City Surveys the Health of the Homeless

From the Portland Mercury, October 30 2008

Death’s Door Key – City Surveys the Health of the Homeless

“I’ve had two heart attacks this year. I’m in alcoholic withdrawal. I have seizures, I have hypertension, I’m on about 12 different medications. I shouldn’t even be smoking right now, to tell you the truth,” said Lewis Goescht, smoking a cigarette outside the Portland Rescue Mission on W Burnside. It’s just before dawn on Wednesday, October 22.

Lewis Goescht

Lewis Goescht

Goescht was one of 646 homeless people surveyed about their health over three days last week, by a team of nearly 70 volunteers working in collaboration with the city’s Bureau of Housing and Community Development (BHCD) and the New York-based nonprofit Common Ground. Common Ground has a new “Vulnerability Index” survey, which is being conducted in six cities across the country, including Portland.

The Vulnerability Index relies on research by a Boston organization identifying seven medical indicators like HIV, cirrhosis, and kidney disease that cause afflicted homeless people to have a 40 percent chance of dying over the next seven years.

Later last Wednesday, Common Ground’s Director of Innovation Becky Kanis showed the Mercury a photograph of 11 homeless people taken in New York in 2000. Each of them has one of the seven medical indicators. “Only three are still alive,” she said.

The city’s new housing commissioner, Nick Fish, told an audience at the Portland Building last Friday, October 24, that he was proud of the survey, “even as I am troubled by what we have learned. Frankly the results shock me.”

Portland’s homeless population is markedly sicker than the others surveyed so far by Common Ground. Of the 646 homeless people surveyed in 13 sectors close to the city’s downtown core, 47 percent had one of the seven dangerous conditions, compared to an average of 42 percent among the other cities surveyed. Most significantly, Portland’s rate of tri-morbidity—where a person has co-occurring psychiatric, substance abuse, and chronic medical conditions—is 36 percent, compared to an average of 22 percent in the other cities surveyed.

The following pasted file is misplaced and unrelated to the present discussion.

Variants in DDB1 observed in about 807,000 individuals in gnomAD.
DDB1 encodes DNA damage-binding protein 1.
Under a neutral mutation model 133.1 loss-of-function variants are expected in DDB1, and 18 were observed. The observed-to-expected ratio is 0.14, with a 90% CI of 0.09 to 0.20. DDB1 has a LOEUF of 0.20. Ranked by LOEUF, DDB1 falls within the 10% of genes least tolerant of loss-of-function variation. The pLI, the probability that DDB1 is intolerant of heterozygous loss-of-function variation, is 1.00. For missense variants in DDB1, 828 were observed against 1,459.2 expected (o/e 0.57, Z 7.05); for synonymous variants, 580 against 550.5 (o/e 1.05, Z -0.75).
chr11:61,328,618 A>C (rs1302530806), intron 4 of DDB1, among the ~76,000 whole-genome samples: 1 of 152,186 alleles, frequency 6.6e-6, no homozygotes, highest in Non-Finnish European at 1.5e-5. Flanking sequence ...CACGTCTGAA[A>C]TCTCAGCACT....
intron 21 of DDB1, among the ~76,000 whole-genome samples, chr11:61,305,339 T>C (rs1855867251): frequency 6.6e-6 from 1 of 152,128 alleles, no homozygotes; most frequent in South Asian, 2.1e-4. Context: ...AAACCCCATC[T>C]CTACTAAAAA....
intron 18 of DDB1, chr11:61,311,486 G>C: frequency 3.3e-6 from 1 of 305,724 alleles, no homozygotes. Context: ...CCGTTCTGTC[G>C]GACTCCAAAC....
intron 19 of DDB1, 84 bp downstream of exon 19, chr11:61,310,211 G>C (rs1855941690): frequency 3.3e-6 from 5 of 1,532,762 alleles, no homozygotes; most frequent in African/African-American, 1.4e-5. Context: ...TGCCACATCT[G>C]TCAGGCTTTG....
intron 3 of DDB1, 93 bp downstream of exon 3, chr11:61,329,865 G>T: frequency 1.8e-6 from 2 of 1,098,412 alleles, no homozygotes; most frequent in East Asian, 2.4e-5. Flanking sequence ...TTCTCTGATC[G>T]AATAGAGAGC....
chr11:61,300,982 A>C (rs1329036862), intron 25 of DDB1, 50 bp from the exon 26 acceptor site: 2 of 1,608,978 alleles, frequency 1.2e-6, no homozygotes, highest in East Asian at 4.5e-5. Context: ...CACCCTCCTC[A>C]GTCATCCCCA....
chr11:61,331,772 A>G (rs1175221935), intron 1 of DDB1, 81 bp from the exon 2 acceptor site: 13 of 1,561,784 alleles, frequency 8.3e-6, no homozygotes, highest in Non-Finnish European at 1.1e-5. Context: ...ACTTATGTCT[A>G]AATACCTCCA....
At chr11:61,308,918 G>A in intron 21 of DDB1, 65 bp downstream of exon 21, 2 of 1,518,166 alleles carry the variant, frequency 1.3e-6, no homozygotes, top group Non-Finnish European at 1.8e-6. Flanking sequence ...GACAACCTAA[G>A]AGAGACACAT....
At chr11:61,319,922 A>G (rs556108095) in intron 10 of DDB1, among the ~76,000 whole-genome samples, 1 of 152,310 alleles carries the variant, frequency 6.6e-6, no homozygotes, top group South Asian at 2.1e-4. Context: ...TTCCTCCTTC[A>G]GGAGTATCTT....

Liora Berry of BHCD suggested the federal slashing of the Oregon Health Plan—132,000 poor Oregonians were insured on the plan in 1995, and just 19,000 are now—could be partly to blame. Sixty-three percent of those surveyed were uninsured. The survey also uncovered 45 medically vulnerable veterans, and 23 people under 25 with injection drug habits, daily alcohol use, or HIV infection—significant risk factors for morbidity among homeless youth.

The worst case surveyed was a 63-year-old Hispanic woman who has been on the streets 10 years, with liver disease, kidney disease, heart problems, a history of frostbite, who had been the victim of violent attacks since becoming homeless, and who has no income or health insurance.

Commissioner Fish responded to the data by asking BHCD Homeless Program Manager Sally Erickson to come up with “a plan” by next Monday, November 3. Fish says he’ll also work with the county to consider opening two new warming centers in the winter months, for $200,000 each. Erickson has already set aside 50 winter shelter beds for people with the most pressing health problems, and plans to use 70 veterans’ vouchers from the Federal Department of Housing and Urban Development to target the vulnerable veterans.

But with no extra federal funding on the immediate horizon, the impact of the survey on the city’s housing policy is potentially much further reaching, controversially changing the way people get to the top of housing waiting lists, for example.

Goescht, who is on the city’s list for housing at a nearby shelter, was at first reluctant to fill out a survey. But volunteers explained that his answers could help his chances of getting into housing sooner, so he changed his mind. When he was done, the volunteers took his picture, and handed over a $5 Safeway card for his time.

Nevertheless, Erickson is resolute about the imperative implicit in the data.

“At the moment, people are getting housed because they are able to elbow themselves to the front of the line,” Erickson told the Mercury. “We’re going to ask the question borne out of the Vulnerability Index, which is how we become smarter with our resources so we can save some lives.”